Posted by FileBound Australia
I spend a lot of time working with professional sales people and am constantly surprised at the general resistance to using the word ‘No’ during a sales process. I find this particularly vexing because, in my experience, the word ‘No’ is probably the most powerful word you can use to achieve a great sales outcome.
From my perspective there are several occasions where using ‘No’ is powerful, here are two of them;
As a Trusted Adviser you need to say ‘No’ when it needs to be said – As a Trusted Advisor you bring a set of capabilities to your prospect that they do not have themselves. [or else why are you there?] Knowing that, it makes no sense to agree to a prospects requests that may be ill-considered just because you don’t want to upset the sale or because you don’t know the actual answer. A Trusted Advisor says ‘Yes’ when it is good for the prospect and ‘No’ when it is not good. Doing otherwise is not acting as a Trusted Advisor.
This positioning will generally reflect positively on you, clearly demonstrating that you have their best interests in mind. It will strengthen your positioning as a Trusted Advisor and makes the deal more likely to conclude successfully.
‘No’ will generally trigger the completion of a negotiation – Think about basic market haggling. It is not until one of the parties say ‘No’ that you have your first marker for either the upper or lower limit in the negotiation. The placement of that marker forces the other party to decide whether they are in or out. Most good negotiators I have dealt with will not finish negotiating until they get a ‘No’ as getting it is the only way they can be sure they have not left money on the table.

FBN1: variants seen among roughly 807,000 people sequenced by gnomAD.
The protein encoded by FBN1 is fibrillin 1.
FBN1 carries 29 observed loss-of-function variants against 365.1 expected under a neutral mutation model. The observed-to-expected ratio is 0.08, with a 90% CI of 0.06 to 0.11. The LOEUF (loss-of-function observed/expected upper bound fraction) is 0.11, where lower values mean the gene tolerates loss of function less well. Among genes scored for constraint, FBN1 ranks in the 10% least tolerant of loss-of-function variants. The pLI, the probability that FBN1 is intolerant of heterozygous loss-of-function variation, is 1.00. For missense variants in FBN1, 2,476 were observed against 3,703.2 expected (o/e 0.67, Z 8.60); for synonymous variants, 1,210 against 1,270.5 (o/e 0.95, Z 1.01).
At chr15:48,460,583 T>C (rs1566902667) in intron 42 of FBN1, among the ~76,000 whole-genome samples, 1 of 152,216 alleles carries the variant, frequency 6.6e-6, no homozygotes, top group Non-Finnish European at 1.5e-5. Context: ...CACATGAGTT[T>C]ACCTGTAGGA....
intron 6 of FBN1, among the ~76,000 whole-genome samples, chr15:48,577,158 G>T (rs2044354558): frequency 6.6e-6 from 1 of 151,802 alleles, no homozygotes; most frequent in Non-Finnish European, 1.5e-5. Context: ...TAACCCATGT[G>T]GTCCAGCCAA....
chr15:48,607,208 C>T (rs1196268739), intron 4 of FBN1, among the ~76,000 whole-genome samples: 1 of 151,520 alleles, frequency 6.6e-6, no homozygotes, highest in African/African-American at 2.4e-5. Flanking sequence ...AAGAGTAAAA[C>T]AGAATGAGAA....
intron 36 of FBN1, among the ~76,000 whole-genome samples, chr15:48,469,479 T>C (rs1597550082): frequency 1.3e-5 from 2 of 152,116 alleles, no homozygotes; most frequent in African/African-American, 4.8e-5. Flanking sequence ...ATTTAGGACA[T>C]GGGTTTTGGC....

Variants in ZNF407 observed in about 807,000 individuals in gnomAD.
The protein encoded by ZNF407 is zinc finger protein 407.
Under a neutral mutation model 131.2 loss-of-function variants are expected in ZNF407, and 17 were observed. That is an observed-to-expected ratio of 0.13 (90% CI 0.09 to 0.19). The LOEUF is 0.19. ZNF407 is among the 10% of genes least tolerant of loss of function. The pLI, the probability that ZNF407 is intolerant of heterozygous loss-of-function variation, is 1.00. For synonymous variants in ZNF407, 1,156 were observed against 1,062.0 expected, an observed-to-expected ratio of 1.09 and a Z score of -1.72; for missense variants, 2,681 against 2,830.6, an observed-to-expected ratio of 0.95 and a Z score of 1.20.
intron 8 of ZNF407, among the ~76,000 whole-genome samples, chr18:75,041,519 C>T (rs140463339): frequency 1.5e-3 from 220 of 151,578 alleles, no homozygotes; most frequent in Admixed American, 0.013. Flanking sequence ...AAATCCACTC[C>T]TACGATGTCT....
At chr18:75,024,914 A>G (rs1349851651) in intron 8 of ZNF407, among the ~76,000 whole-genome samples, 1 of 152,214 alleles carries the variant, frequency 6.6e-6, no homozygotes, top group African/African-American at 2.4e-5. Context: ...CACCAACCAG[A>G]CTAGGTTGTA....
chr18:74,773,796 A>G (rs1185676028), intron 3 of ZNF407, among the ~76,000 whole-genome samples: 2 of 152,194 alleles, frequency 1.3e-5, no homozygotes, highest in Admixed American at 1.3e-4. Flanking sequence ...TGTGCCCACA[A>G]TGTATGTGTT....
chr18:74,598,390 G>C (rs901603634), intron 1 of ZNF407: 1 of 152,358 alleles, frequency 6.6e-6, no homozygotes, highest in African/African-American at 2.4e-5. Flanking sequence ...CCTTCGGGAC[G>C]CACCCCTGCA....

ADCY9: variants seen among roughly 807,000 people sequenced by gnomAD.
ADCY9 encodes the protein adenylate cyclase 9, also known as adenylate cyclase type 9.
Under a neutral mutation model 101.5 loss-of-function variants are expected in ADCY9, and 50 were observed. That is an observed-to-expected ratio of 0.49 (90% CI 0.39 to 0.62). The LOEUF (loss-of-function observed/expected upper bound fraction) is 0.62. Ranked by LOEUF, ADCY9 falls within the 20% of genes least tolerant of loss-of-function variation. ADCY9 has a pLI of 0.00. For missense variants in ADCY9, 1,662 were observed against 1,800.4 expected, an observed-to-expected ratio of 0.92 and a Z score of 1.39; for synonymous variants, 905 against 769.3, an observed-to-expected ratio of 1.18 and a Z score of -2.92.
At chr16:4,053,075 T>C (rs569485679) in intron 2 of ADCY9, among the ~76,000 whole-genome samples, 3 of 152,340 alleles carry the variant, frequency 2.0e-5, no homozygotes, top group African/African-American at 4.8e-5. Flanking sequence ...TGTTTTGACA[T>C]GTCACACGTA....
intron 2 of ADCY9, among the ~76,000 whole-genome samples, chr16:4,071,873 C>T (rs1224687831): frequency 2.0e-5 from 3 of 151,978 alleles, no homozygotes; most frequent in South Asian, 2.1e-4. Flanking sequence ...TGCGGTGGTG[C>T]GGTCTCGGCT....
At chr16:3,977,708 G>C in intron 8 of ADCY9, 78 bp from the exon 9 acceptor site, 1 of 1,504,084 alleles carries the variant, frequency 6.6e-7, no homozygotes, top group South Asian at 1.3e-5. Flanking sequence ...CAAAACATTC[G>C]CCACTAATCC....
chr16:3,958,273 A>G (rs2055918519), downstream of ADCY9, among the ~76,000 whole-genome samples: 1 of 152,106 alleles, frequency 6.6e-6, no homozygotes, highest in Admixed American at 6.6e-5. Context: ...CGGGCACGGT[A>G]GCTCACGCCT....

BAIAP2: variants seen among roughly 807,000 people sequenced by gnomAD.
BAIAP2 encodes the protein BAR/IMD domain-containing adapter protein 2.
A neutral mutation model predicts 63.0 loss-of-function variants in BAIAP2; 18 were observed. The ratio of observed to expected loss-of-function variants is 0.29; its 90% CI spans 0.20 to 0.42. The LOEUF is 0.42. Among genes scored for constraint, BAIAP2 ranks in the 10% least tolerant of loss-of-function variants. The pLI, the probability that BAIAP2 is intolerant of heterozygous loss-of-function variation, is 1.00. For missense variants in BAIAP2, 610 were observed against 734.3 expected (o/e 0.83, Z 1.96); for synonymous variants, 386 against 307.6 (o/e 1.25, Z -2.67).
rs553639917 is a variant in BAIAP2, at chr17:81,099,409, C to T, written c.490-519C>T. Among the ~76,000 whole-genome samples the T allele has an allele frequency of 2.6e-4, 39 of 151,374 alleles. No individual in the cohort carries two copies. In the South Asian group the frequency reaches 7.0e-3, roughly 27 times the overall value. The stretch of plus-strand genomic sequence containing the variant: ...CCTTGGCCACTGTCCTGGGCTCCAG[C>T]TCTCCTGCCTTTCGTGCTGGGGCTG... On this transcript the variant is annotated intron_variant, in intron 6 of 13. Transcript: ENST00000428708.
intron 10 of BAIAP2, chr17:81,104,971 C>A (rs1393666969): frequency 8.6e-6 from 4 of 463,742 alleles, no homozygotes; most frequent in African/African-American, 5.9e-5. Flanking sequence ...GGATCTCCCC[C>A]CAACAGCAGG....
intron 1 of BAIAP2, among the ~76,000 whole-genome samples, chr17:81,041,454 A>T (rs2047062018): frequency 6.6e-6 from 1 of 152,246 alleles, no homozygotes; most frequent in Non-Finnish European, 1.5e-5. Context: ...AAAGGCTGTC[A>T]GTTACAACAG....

Now the downside here is that you say ‘No’ too early and skittle the deal or you say it too late and end up with an unprofitable deal. You still need to time the use of ‘No’ to ensure you get the right outcome. That is your job as a professional executive or salesperson.
Now, I am not saying we should go around saying ‘No, No, No’ to everyone. In fact, most times I say ‘No’ it is couched a lot more sensitively and with a view to keeping the dialogue moving forward. Examples of ‘No’s’ that I would tend to use are;
1. In this case I can’t go that low however ….
2. I’d prefer to agree to …. because …
3. Thanks for that however I think it would work better for both of us if….
4. What if we thought of it differently? How does this sound …..
A good ‘No’ will always offer some explanation and leave room open for further discussion.
So next time you are moving through a sales process consider how ‘No’ can help get a better outcome for you, your organisation and for your potential new customer.
Chief Executive Officer